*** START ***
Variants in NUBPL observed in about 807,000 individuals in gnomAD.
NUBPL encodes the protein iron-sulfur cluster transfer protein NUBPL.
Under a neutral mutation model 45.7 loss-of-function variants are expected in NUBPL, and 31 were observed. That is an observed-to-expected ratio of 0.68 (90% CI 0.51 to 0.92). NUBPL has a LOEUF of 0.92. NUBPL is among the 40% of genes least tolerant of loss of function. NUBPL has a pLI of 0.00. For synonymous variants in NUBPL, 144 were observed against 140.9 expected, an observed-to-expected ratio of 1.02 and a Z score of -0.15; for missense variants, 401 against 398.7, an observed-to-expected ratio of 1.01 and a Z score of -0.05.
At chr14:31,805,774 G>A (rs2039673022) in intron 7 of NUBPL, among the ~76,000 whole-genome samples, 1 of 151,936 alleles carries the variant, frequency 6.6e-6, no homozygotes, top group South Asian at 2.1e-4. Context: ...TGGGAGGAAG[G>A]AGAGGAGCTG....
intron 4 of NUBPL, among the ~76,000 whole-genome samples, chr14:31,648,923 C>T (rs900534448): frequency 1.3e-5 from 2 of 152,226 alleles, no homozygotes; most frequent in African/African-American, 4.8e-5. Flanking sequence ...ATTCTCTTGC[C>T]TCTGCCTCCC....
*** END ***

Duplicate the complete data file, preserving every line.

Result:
Variants in NUBPL observed in about 807,000 individuals in gnomAD.
NUBPL encodes the protein iron-sulfur cluster transfer protein NUBPL.
Under a neutral mutation model 45.7 loss-of-function variants are expected in NUBPL, and 31 were observed. That is an observed-to-expected ratio of 0.68 (90% CI 0.51 to 0.92). NUBPL has a LOEUF of 0.92. NUBPL is among the 40% of genes least tolerant of loss of function. NUBPL has a pLI of 0.00. For synonymous variants in NUBPL, 144 were observed against 140.9 expected, an observed-to-expected ratio of 1.02 and a Z score of -0.15; for missense variants, 401 against 398.7, an observed-to-expected ratio of 1.01 and a Z score of -0.05.
At chr14:31,805,774 G>A (rs2039673022) in intron 7 of NUBPL, among the ~76,000 whole-genome samples, 1 of 151,936 alleles carries the variant, frequency 6.6e-6, no homozygotes, top group South Asian at 2.1e-4. Context: ...TGGGAGGAAG[G>A]AGAGGAGCTG....
intron 4 of NUBPL, among the ~76,000 whole-genome samples, chr14:31,648,923 C>T (rs900534448): frequency 1.3e-5 from 2 of 152,226 alleles, no homozygotes; most frequent in African/African-American, 4.8e-5. Flanking sequence ...ATTCTCTTGC[C>T]TCTGCCTCCC....